The UK government recently asked communication service providers to lift, or disable end to end encryption so that they have the ability to eavesdrop on online conversations.
It seems that the concept of encryption has been lost on the politicians and the government as they are still demanding backdoors to be put into services and products. During the late night House of Lords’ committee stage debate, the request was made on the Investigatory Powers Bill by Earl Howe. Howe is the governments deputy leader in the House of Lords, as well as the Minister of State for Defense. It was assured however, that there will be nothing to worry about as this will come with many “strong controls and safeguards,”.
“Law enforcement and the intelligence agencies must retain the ability to require telecoms operators to remove encryption in limited circumstances, subject to strong controls and safeguards, to address the increasing technical sophistication of those who would seek to do us harm,” Howe remarked.
The earl spoke in defense of a number of clauses in the bill that back the governments decision to ask communication companies to secretly remove encryption from its users. Amendments 92,102, and 103 would have removed those provisions.
“They are irresponsible proposals which would remove the government’s ability to give a technical capability notice to telecoms operators requiring them to remove encryption from the communications of criminals, terrorists, and foreign spies. This is a vital power without which the ability of the police and intelligence agencies to intercept communications in an intelligible form would be considerably diluted. Encryption is now almost ubiquitous and is the default setting for most IT products and online services. If we do not provide for access to encrypted communications when it is necessary and proportionate to do so, we must simply accept that there can be areas online beyond the reach of the law, where criminals can go about their business unimpeded and without the risk of detection. That Cannot be right,” Howe said.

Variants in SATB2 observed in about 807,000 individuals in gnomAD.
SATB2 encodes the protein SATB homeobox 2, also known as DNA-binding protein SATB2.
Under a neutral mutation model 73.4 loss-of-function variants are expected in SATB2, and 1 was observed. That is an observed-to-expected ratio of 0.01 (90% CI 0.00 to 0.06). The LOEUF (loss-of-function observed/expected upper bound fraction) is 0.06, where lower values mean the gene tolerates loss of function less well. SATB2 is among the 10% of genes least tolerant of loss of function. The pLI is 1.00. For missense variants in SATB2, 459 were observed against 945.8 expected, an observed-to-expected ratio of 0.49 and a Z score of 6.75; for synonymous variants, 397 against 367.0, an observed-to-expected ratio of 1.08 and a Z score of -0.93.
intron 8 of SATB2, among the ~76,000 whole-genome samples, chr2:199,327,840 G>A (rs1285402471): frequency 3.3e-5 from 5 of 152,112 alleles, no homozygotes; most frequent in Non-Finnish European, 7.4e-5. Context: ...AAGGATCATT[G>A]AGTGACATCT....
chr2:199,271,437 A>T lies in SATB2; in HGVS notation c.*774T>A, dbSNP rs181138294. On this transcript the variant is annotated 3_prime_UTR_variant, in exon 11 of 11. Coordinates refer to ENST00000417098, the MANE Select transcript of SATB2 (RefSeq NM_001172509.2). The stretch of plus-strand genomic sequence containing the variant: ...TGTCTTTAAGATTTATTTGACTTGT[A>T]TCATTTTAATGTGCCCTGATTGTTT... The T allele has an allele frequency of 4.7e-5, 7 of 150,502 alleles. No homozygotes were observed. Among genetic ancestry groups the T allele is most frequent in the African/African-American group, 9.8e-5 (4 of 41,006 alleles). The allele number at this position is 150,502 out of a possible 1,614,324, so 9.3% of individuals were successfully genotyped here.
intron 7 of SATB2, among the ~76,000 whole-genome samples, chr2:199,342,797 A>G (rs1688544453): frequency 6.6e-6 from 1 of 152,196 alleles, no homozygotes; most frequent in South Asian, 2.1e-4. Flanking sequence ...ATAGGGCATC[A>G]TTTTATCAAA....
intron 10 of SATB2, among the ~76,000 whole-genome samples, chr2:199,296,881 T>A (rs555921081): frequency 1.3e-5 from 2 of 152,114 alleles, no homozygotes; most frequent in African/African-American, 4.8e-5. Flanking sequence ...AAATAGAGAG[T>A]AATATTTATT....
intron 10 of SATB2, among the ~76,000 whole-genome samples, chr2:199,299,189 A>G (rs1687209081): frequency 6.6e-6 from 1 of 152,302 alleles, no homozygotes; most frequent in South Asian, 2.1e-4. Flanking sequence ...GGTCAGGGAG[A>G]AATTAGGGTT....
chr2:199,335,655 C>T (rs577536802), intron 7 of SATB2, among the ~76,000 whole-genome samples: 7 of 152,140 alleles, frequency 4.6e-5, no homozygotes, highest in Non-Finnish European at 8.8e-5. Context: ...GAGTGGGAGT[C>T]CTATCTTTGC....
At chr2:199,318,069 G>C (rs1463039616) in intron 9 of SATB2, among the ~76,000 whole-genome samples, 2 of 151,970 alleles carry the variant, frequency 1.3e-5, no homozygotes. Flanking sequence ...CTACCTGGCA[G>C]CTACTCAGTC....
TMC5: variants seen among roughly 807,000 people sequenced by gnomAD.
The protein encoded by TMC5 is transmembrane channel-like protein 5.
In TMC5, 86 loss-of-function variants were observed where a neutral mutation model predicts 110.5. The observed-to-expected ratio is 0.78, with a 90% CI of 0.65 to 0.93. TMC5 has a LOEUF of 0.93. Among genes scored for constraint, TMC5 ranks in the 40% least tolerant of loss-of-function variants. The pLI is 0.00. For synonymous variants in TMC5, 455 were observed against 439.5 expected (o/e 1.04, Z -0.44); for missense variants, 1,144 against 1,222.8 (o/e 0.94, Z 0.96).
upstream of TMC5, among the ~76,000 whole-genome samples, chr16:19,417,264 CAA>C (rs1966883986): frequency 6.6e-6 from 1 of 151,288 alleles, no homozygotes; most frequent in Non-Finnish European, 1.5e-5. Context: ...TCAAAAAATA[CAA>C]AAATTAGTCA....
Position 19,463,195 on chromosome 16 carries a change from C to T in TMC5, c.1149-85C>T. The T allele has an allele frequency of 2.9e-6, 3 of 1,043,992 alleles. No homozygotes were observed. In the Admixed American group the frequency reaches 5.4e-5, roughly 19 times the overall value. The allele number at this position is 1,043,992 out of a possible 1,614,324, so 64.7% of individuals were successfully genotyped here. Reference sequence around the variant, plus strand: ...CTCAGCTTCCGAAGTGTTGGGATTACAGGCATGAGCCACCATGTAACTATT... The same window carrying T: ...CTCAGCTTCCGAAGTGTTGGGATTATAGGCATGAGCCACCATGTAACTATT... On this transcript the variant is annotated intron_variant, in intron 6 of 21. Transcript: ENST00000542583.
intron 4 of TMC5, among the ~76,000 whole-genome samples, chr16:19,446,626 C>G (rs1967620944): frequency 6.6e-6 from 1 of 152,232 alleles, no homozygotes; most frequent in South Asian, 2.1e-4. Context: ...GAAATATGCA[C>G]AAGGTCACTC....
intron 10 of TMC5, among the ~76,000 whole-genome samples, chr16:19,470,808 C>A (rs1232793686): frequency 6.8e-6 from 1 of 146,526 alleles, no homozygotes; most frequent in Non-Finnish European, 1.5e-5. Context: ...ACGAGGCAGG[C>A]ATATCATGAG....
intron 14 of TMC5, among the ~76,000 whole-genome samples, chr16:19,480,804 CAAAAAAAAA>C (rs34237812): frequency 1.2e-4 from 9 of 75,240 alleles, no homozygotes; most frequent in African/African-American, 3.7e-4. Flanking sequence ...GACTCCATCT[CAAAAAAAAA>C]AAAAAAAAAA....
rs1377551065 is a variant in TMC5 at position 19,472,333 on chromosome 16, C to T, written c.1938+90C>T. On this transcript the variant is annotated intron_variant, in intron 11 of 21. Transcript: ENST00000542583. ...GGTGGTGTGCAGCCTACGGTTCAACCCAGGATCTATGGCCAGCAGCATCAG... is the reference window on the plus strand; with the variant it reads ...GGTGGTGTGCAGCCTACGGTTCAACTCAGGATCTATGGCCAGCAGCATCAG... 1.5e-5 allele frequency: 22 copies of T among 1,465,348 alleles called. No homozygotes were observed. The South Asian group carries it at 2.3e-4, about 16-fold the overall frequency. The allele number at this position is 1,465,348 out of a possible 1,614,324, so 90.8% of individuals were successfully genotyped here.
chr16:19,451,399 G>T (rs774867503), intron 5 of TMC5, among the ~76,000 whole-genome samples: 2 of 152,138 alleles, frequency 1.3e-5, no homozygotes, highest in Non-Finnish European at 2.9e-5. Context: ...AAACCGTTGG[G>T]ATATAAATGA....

How admitted that encryption is necessary to secure internet communications, but he restated that the government has a desire for backdoors to be put into all communication products sold or used in the UK.
Lord Strasburger, a peer among liberal democrats, broke it gently by explaining that there is no such thing as end to end encryption that has a middle man, like an ISP, can simply crack or remove whenever they are ordered to.
“One feature of end to end encryption is that the provider cannot break it; encryption is private between the users at both ends. Howe seems to be implying that providers can use only encryption which can be broken and therefore cannot be end to end, so the next version of the Apple iPhone would, in theory, become illegal,” he noted.
Howe seems to have just brushed these arguments, who just kept repeating the usual about encryption providing safe places for terrorists.
The bill as it stands today, would grant enormous powers for the new home secretary Amber Rudd to approve the interference in mobile and internet communications by law enforcement. A ‘double-lock’ authorization process applies, which means that a judicial commissioner must approve the secretary of state’s decision to give a notice, according to Howe, but requires no judicial over seeing.